Even in flu season, please, sneeze


Researchers warn that hindering a sneeze can be dangerous.

A medical case study found that a man who tried to stop a sneeze ended up in the emergency room.

The air that comes out of a sneeze is about 150 miles per hour. Stopping a sneeze means you're basically swallowing the sneeze's explosive force.

Kelsey Seybold's Dr. Christine Le said there's been a few cases when holding in a sneeze has caused a collapsed lung.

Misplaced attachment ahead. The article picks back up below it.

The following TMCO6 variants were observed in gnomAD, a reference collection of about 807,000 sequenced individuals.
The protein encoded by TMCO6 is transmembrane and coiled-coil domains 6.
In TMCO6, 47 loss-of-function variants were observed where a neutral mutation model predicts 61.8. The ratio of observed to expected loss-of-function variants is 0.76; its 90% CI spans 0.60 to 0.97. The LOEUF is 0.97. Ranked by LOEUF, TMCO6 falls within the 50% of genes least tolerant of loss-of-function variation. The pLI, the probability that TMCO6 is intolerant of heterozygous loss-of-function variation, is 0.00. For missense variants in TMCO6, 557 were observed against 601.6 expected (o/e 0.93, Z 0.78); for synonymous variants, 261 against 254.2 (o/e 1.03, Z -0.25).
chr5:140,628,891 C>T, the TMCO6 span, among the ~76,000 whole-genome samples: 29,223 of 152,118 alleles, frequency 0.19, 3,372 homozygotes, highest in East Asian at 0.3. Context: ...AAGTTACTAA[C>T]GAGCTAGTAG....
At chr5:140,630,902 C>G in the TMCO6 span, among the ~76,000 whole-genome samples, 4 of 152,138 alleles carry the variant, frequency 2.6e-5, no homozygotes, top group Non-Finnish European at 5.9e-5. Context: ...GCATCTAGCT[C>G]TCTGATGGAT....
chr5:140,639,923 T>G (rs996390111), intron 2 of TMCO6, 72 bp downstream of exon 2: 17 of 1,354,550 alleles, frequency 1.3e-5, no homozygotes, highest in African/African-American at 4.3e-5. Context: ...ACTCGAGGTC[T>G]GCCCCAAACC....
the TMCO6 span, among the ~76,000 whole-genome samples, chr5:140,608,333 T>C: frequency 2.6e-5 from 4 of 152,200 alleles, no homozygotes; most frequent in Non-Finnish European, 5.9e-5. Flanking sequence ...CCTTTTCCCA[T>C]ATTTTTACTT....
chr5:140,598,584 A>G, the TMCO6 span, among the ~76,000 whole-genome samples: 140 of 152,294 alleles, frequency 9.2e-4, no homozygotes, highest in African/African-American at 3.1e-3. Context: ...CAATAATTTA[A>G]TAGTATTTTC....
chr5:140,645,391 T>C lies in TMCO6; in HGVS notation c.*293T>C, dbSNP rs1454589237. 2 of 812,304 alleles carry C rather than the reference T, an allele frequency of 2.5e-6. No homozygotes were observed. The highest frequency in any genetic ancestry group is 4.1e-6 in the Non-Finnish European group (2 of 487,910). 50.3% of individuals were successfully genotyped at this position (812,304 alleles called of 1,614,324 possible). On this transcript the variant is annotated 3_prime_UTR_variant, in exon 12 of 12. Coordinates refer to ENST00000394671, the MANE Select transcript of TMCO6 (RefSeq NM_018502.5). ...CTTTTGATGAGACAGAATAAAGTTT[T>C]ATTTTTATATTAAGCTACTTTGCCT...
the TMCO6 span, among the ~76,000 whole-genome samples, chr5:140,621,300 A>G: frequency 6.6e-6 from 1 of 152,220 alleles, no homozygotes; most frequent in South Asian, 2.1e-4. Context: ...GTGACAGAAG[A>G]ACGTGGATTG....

“When people are sneezing, the whole point is to get something out of you—whether it’s viruses, bacteria, or a little bit of exposure to dust,” said Le.

She said it's unusual for someone to stop a sneeze.

“If you really have to sneeze, let it out. But, if possible, given that it’s flu season, please cover up, so at least you’re not getting the people around you sick,” said Le.

She said there's been a few cases when holding in a sneeze has caused a collapsed lung. It can also rupture your throat, burst an ear drum, or pop a blood vessel in your brain.


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